Editorial, Legal, and Ethical Policies, ENVIRONMENTAL EPIDEMIOLOGY
ENVIRONMENTAL EPIDEMIOLOGY adheres to the ethical policies put forth by the Committee on Publication Ethics (COPE) and the International Committee on Medical Journal Editors (ICMJE). For additional editorial, legal, and ethical policies, please visit the
Instructions for Authors.
Duplicate Publication, Plagiarism and Fabrication
Manuscripts containing original material are accepted for consideration if neither the article nor any part of its essential substance, tables, or figures has been or will be published or submitted elsewhere before appearing in ENVIRONMENTAL EPIDEMIOLOGY (in part or in full, in other words or in the same words, in English or in another language), and will not be submitted elsewhere unless rejected by the Journal or withdrawn by the author. (This restriction is exclusive of abstracts of the Work submitted for presentation to learned societies and scholarly forums.) Simultaneous submissions of the same article to multiple journals are prohibited. If an author violates this requirement or engages in similar misconduct, the ENVIRONMENTAL EPIDEMIOLOGY Editorial Board may reject the manuscript or impose a moratorium on acceptance of new manuscripts from the author. If it deems the misconduct sufficiently serious, the Editorial Board can refer the matter for investigation to the author's academic institution or hospital or to the appropriate state or local disciplinary body. A letter of permission is required for inclusion of any and all material that has been published previously or is "in press" by another journal. It is the responsibility of the author to request permission from the publisher for any material that is being reproduced. This requirement applies to text, illustrations, and tables. These permissions must be supplied to ENVIRONMENTAL EPIDEMIOLOGY upon submission of the article, along with ample acknowledgement of the original source of the materials in the legend and/or text. Any fee associated with permission to reuse previously published material is the responsibility of the author of the manuscript.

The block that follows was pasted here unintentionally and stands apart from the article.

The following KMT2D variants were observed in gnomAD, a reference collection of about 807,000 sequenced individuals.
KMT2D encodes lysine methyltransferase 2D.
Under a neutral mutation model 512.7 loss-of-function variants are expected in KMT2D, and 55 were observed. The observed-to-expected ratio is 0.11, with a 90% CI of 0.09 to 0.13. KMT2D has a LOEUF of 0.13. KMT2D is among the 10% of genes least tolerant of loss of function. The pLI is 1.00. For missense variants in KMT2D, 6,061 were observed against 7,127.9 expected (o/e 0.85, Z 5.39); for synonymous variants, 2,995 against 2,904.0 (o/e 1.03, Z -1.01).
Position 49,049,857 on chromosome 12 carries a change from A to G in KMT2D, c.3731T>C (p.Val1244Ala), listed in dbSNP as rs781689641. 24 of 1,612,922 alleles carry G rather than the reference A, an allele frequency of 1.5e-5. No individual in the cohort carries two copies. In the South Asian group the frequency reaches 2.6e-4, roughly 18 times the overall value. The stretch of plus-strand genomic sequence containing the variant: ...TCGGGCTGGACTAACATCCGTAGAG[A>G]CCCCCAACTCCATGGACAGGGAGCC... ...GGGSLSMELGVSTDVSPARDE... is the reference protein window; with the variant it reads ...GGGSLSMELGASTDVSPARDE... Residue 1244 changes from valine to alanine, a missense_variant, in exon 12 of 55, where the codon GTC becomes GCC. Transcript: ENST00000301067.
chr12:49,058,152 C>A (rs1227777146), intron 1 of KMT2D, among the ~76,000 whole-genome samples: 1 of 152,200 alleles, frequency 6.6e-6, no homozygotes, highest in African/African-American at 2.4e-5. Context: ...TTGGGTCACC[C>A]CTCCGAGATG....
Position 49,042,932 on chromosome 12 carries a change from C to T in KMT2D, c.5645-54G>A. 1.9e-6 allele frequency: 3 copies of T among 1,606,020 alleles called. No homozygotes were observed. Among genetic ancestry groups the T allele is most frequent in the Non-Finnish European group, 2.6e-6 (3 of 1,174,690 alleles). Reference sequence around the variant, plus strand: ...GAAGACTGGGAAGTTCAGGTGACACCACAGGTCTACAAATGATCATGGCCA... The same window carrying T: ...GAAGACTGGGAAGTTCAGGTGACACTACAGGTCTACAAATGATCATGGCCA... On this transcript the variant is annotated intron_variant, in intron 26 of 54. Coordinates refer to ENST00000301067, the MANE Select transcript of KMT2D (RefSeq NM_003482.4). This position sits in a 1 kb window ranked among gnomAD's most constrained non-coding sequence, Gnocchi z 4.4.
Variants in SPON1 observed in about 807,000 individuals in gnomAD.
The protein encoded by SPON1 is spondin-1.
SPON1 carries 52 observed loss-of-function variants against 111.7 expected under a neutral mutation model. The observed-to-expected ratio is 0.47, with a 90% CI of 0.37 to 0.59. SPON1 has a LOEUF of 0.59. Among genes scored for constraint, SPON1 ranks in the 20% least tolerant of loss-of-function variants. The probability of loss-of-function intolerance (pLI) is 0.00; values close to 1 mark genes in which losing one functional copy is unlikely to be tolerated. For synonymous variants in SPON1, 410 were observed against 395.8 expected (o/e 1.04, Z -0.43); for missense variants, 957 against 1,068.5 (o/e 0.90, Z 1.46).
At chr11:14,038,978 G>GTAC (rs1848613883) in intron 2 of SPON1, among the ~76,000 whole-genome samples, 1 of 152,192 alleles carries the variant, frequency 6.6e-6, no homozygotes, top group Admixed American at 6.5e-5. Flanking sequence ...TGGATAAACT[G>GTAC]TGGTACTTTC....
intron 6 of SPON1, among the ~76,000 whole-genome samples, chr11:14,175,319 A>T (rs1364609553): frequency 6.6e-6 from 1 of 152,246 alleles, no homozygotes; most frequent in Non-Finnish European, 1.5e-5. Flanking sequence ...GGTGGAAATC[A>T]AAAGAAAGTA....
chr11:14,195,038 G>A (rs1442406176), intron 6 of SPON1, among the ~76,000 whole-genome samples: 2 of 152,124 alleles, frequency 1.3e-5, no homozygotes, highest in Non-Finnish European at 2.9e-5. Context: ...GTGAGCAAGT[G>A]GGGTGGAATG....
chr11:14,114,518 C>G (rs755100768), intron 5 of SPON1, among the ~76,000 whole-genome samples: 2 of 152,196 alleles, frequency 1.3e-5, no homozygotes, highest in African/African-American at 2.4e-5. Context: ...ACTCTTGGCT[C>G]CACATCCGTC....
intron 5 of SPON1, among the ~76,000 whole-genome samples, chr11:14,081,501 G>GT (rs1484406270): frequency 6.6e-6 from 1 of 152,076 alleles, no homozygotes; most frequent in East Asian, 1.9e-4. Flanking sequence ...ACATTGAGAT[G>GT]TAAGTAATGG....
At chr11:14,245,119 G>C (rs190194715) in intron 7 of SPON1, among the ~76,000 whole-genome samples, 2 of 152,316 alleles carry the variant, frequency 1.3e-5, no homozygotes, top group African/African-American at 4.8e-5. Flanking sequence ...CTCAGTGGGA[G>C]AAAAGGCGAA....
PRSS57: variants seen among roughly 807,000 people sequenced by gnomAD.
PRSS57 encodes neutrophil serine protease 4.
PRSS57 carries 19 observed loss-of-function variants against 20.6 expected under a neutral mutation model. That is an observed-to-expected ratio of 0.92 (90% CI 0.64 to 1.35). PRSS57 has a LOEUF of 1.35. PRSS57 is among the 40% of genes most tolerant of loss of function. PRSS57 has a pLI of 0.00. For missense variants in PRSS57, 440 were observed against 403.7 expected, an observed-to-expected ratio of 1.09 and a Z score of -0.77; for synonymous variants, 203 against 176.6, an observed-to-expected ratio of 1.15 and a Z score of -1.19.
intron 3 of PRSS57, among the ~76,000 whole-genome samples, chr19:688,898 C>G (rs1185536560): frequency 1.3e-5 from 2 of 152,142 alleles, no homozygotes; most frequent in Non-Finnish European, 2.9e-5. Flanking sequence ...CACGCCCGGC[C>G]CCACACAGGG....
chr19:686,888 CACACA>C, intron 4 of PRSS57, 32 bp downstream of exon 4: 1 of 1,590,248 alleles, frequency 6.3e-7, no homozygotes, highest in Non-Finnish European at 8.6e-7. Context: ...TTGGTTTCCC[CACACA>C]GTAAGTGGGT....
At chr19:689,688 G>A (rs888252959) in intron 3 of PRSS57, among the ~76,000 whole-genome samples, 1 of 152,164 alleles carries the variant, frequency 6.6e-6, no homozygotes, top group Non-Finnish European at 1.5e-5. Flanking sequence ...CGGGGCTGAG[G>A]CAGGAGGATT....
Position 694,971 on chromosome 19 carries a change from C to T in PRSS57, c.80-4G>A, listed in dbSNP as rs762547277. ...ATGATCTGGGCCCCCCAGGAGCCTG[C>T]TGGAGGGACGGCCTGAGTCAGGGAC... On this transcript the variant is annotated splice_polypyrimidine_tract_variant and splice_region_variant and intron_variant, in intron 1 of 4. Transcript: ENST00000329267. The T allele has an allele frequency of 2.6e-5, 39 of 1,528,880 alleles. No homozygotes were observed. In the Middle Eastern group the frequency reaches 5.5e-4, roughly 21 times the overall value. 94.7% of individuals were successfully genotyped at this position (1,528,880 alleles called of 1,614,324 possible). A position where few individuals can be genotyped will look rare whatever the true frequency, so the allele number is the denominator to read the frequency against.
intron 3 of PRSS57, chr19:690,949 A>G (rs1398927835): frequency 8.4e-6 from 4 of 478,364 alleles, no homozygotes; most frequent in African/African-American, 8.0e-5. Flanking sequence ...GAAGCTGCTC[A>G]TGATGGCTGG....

If an author submits an article to ENVIRONMENTAL EPIDEMIOLOGY that contains material to which he or she holds the copyright (figures, material from articles published on open-access or e-journals, and so on), he or she needs to clearly indicate that he or she holds the copyright and provide ENVIRONMENTAL EPIDEMIOLOGY with written permission to use the previously copyrighted material. Authors retain copyright of all material published in ENVIRONMENTAL EPIDEMIOLOGY. All permission statements allowing ENVIRONMENTAL EPIDEMIOLOGY to publish previously published material must extend to all print and digital media (so that material can be both printed and placed on the Journal's website) and must not include any time limitations.
Plagiarism is when an author passes off the work of someone else as his or her own. This can also include self-plagiarism, which happens when an author reuses portions of his or her previously published work without the proper references. Manuscripts containing plagiarized content will not be considered for publication in ENVIRONMENTAL EPIDEMIOLOGY. All authors need to take responsibility for their manuscripts. If your name is on a manuscript, make sure all of the material in the paper either is original or is properly cited and has proper permission to be reproduced. If you have a question about the originality of any part of a manuscript, verify it with your coauthors. Senior authors should pay special attention to what the junior authors are doing and where they are sending their manuscripts.